San Francisco Chronicle's Scores

  • Movies
  • TV
For 6,646 reviews, this publication has graded:
  • 52% higher than the average critic
  • 2% same as the average critic
  • 46% lower than the average critic
On average, this publication grades 0.7 points lower than other critics. (0-100 point scale)
Average Movie review score: 62
Highest review score: 100 Last Life in the Universe
Lowest review score: 0 8MM
Score distribution:
6646 movie reviews
  1. AKA
    An unforgettable film.
  2. The writing, by Rapp and Catherine Dussart, is exquisite, and the performers, including Francois Truffaut's old colleague Jean-Pierre Leaud as a magistrate, are all first-rate.
  3. Magnificent but somewhat frustrating movie.
  4. Wetlands, an in-your-face story about bodily fluids and the collateral damage of a family gone wrong, is crass, vulgar and brilliant.
  5. A film that doesn't let go from the very first moment.
  6. It's hard to dislike a picture with flying cows and oil trucks.
  7. One of the rare films that directly responds to and expresses modern anxieties, this debut feature from director Henry Alex Rubin interweaves the stories of three sets of people, whose lives are upended through various bad things that happen over the Internet -- including bullying and identity theft. A fascinating and riveting thriller.
    • San Francisco Chronicle
  8. It's the picture that proves action films don't have to be silly, that a few thrill sequences don't mean every other value has to be shot to pieces.
  9. The movie is laugh-until-your-stomach-hurts hilarious.
  10. [Soderbergh] plays with time and narrative to reveal character, mood and longing in ways you just don't find in a mainstream crime picture.
  11. So it's two guys traveling, eating and talking. Doesn't sound like much. But it's terrific.
  12. The Maid would have been worthwhile just as a showcase both for good acting and for the director's virtuosity. But the movie's ultimate virtue is its humanity.
  13. So good it's scary.
    • 78 Metascore
    • 100 Critic Score
    An exceptionally powerful film driven by contradictory forces.
  14. One great monster movie. [11 June 1993, Daily Notebook, p.C1]
    • San Francisco Chronicle
  15. A complicated family story that takes place in three distinct time periods, and that's handled with astonishing ease and fluidity by director Claude Miller.
  16. This one enters the pantheon of great American war films.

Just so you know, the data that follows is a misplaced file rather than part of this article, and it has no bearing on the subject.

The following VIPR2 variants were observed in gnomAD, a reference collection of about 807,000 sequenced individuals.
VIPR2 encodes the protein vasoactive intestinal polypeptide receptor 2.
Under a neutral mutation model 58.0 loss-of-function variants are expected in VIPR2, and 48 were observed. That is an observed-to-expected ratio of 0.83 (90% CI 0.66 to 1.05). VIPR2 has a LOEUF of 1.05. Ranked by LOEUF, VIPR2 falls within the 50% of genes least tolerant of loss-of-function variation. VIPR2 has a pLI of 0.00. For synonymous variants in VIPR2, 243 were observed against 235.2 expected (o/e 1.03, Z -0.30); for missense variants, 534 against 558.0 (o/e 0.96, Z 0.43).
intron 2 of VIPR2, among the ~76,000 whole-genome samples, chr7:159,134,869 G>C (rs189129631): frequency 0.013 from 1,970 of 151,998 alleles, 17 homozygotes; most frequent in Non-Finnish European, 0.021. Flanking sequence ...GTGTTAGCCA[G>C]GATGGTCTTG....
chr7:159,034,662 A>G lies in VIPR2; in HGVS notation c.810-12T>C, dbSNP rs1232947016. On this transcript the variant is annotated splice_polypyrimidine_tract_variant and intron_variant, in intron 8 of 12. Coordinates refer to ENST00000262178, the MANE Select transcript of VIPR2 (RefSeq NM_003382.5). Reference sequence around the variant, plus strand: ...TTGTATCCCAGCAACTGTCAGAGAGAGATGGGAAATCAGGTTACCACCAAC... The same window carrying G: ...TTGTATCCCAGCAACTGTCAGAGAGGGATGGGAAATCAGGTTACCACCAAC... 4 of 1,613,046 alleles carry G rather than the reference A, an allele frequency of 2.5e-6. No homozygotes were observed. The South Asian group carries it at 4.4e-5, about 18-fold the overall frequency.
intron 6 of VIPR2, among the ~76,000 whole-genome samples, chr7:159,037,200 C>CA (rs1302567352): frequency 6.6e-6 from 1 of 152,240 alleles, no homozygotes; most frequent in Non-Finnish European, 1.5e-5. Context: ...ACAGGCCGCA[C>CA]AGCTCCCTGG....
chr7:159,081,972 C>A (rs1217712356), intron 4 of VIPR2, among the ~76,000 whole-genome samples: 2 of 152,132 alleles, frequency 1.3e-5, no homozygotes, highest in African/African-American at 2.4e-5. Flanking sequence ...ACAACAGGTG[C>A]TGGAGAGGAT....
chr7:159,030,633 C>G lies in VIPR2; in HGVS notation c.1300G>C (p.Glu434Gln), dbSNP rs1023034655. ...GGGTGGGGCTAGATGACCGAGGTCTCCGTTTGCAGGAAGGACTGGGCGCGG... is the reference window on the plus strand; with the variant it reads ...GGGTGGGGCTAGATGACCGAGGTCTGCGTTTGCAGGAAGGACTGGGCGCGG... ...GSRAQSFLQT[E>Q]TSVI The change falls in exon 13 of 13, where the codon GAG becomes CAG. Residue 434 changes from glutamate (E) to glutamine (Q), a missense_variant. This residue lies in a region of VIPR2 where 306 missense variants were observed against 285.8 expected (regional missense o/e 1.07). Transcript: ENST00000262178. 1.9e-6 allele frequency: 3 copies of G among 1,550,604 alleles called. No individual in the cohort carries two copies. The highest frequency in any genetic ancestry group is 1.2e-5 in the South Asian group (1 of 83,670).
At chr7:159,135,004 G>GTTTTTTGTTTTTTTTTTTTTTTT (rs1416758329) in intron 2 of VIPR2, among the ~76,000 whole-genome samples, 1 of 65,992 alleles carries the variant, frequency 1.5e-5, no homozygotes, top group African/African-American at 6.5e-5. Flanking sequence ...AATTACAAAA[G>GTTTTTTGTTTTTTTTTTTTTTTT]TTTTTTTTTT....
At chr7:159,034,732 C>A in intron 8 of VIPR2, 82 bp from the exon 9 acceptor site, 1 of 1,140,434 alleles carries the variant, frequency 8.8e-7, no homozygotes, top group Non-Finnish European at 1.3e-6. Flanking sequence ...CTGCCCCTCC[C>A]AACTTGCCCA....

17. Now that she's past 50, can we all stop holding Michelle Pfeiffer's looks against her and just admit that she's a great actress?
  18. In his big-screen directing debut, British film maker Danny Boyle demonstrates wit, intelligence and economy of style.
  19. An ambitious and exciting piece of work, a movie about sex and movies made by a filmmaker who understands the power of each to set off fantasy, create addiction, incite danger and transform the spirit.
  20. Crisply funny and fleetly paced, it's in its quiet way one of the saddest things in the theaters all year.
    • 71 Metascore
    • 100 Critic Score
    This is a serious film, but it is also entertaining. Ngassa and Ntuba should be galvanizing figures for a nation stuck on "Judge Judy" and "Jerry Springer."
  21. There's an edge to this exemplary family movie, just as there is in the story.
  22. Dares to present a flat-out heroic president, without the safety net of irony. It succeeds.
  23. At its slowest, the film has value as a historical document. At its best, the film gives a human face to stories of unimaginable suffering and unexpected triumph.
  24. Magical and haunting, The Piano has the power and delicate mystery of a gothic fairy tale. [19 Nov 1993]
    • San Francisco Chronicle
  25. Enchanting documentary that also serves as an animated gallery of Goldsworthy’s uniquely ephemeral art.
  26. Exhilarating and enchanting family picture. It's the best I've seen this year and highly recommended for girls and for boys, too.
    • 76 Metascore
    • 100 Critic Score
    With House Party, the Hudlins have made a happy, harmless romp of a movie that, in its own minor way, manages to make a contribution to black cinema. There is a measure of social equality in the mere fact that black teens get stupid movies made about them, too. [9 Mar 1990, p.E6]
    • San Francisco Chronicle
  27. It’s coolheaded and incisive, a thorough and informative study of corporations, their origins and their place in the modern world.

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